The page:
Back when my kids thought I was cool, we had a pretty amazing run of “Car Karaoke” episodes* that we posted to YouTube. In some episodes, the family dog even made an appearance. Easily some of the most memorable times of my life, I still share them on occasion just to embarrass them. That’s Dad 101, amigos.

When selecting a new song, I’d ask for any favorites, and it was pretty amazing to hear what they thought the name of the song was. My favorite? Foreigner’s classic jam, “Juice Box Hero.”

What’s that you say? It’s not JUICE BOX? You know that and I know that, but that’s not what my kiddos were hearing.

Long intro to a simple question – what are you hearing from your employees? I’ve been building up to this in previous posts during my #MediaFasting. The problem isn’t always the message being shared, it’s the narrative behind the message…AND the narrative playing in the head of the listener. That’s the part we often dismiss. When we believe so strongly in our own narrative that we’re unable to truly listen to another person’s differing viewpoint without applying our filters – that’s a problem. If you also happen to be in Human Resources, that’s a problem that could derail your career.

That’s clearly aligned with my peace of mind this week regarding world events. My narrative isn’t constantly being challenged by a contrary point of view. It softens my own viewpoint when I’m not on the defensive and/or I’m not getting emotionally charged by outrage on either side. Kind of nice actually. I can maintain my values without being threatened or denied the right to have to justify or defend myself, so I’m not baring my teeth ready to pounce if needed. Try it sometime.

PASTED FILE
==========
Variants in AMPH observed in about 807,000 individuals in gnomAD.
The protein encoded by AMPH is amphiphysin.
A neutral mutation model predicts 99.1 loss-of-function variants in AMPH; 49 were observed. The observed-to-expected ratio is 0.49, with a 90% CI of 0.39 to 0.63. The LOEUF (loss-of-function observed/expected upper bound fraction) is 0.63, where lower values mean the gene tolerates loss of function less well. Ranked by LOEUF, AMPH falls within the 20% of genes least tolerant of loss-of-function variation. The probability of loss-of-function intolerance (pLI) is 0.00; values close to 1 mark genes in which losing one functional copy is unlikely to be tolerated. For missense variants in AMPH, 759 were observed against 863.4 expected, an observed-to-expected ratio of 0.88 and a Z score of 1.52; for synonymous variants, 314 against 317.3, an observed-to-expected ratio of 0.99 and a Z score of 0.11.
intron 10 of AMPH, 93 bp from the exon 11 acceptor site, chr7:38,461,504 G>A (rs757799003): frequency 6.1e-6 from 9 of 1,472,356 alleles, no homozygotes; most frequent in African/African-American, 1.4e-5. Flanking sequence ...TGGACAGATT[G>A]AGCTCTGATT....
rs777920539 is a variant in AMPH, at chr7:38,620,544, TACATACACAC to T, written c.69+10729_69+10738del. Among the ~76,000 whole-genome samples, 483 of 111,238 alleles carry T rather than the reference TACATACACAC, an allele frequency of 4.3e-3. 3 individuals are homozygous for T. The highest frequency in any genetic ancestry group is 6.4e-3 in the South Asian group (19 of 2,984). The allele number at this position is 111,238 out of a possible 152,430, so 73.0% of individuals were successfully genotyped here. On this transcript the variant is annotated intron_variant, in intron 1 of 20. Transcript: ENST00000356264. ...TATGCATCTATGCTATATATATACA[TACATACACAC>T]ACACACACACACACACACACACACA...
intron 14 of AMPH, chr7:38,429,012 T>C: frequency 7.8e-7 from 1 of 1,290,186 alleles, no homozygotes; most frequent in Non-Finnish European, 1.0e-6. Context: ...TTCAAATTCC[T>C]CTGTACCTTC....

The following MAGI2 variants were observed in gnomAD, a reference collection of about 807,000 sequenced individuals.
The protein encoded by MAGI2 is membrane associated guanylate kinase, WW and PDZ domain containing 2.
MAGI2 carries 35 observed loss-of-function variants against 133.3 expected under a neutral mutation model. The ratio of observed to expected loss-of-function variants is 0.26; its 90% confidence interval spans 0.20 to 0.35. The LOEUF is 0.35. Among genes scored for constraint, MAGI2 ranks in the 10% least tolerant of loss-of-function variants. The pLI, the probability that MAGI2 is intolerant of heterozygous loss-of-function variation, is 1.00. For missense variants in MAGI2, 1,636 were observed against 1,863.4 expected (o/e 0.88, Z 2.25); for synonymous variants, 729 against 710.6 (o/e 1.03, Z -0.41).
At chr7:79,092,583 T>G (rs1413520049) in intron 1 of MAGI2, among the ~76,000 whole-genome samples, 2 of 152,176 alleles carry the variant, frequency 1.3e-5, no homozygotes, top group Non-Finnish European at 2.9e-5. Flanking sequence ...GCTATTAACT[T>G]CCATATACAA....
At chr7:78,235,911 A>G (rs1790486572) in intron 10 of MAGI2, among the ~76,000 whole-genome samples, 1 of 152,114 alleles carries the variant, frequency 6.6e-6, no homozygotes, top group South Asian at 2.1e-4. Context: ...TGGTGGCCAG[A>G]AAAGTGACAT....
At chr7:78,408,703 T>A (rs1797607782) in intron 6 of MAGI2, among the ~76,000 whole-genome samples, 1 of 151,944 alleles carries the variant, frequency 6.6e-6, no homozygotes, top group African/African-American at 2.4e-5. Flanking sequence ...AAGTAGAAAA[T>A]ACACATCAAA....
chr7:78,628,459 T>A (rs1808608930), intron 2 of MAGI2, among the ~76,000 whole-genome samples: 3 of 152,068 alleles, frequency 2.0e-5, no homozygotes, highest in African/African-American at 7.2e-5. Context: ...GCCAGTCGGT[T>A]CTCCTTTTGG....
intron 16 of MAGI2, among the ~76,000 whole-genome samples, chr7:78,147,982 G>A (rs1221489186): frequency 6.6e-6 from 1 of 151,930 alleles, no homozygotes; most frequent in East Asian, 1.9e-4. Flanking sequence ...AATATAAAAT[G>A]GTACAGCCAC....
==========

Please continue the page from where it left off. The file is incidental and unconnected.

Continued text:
But how about at work? In Human Resources we are constantly pulled into the narratives of our employees. Our biases will permit us to take one person’s complaint legitimately while dismissing another as “whining.” We can interpret employee survey results what we “expected” rather than valuable feedback needing further analysis. Alternatively, we can be susceptible to gaslighting when receiving information that aligns with our own stance. That’s the personal narrative that you must consciously (and constantly) identify when considering how to respond. It’s not an easy thing to do when your animal brain is caught up in current events that threaten the health and safety of your family as well as your employee population.

Right now in workplaces all over the world we have a huge disparity in the seriousness employers have given to workplace safety during the COVID pandemic. Some companies were prepared better than others, while some companies responded quickly and expertly and others lagged. Now that information from health officials continues to be questioned even within the science community, it’s easy to find justification for whatever your personal narrative may be on PPE, social distancing, remote work, and testing. Who is making those decisions at your company?

A quote from Steve Pascot in the latest issue of HR Magazine captures it wonderfully: “This is HR’s leadership moment.” You can’t be entrusted to do that if you’re bringing your bags filled with personal narrative to the office (virtual or otherwise).

Rock on my friends.